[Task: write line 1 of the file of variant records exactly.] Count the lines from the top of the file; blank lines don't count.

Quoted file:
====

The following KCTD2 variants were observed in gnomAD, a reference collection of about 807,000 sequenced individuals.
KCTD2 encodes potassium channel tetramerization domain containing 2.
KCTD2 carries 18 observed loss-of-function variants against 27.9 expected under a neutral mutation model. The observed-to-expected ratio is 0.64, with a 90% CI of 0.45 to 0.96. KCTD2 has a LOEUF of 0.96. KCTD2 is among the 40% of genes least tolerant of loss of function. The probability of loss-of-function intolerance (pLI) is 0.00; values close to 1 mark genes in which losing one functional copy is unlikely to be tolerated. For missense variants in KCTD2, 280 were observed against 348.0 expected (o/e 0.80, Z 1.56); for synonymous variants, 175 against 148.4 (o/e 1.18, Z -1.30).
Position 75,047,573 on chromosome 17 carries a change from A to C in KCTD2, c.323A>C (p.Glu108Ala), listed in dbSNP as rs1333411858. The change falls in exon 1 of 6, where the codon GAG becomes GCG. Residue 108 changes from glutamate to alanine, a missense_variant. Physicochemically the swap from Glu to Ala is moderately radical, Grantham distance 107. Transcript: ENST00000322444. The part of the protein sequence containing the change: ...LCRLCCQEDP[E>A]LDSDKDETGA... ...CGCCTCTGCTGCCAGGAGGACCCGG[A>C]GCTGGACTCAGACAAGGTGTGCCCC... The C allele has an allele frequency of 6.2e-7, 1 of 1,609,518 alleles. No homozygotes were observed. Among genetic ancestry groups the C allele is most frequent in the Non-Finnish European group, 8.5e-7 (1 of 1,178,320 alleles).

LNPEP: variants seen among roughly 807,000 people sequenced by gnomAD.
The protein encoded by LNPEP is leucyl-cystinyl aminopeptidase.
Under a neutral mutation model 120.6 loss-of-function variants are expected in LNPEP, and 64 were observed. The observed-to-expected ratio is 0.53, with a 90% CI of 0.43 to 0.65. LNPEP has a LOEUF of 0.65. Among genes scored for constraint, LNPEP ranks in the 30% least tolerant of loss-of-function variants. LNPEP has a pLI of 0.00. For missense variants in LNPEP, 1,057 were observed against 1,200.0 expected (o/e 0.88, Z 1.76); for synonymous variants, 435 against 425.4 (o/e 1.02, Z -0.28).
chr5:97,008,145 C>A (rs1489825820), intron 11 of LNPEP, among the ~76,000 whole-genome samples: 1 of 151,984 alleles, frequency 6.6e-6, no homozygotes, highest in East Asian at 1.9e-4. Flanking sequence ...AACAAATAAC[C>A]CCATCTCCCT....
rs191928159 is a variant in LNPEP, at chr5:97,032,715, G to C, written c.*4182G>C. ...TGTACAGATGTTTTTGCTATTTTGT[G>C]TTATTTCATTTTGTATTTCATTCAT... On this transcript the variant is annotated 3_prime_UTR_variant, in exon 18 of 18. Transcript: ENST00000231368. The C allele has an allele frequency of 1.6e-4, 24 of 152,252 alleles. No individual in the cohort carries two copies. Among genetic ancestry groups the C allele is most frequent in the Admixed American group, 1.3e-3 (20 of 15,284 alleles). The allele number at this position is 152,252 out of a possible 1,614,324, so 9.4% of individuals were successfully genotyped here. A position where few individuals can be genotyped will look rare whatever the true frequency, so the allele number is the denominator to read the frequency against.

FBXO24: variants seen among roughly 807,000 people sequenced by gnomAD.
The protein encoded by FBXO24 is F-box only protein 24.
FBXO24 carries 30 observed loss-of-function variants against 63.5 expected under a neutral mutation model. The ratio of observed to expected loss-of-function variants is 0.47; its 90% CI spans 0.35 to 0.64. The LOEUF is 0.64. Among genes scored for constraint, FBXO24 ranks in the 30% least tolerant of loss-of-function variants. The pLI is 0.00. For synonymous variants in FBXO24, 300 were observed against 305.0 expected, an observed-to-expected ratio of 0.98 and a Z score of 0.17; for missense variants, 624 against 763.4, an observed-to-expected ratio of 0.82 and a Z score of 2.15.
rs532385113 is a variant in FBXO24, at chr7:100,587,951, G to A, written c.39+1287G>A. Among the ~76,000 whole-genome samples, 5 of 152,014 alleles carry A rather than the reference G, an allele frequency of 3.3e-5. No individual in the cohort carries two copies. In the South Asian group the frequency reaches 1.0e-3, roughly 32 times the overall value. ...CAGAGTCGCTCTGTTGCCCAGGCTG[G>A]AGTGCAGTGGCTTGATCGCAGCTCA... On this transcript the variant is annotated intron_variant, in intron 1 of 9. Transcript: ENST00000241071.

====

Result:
The following KCTD2 variants were observed in gnomAD, a reference collection of about 807,000 sequenced individuals.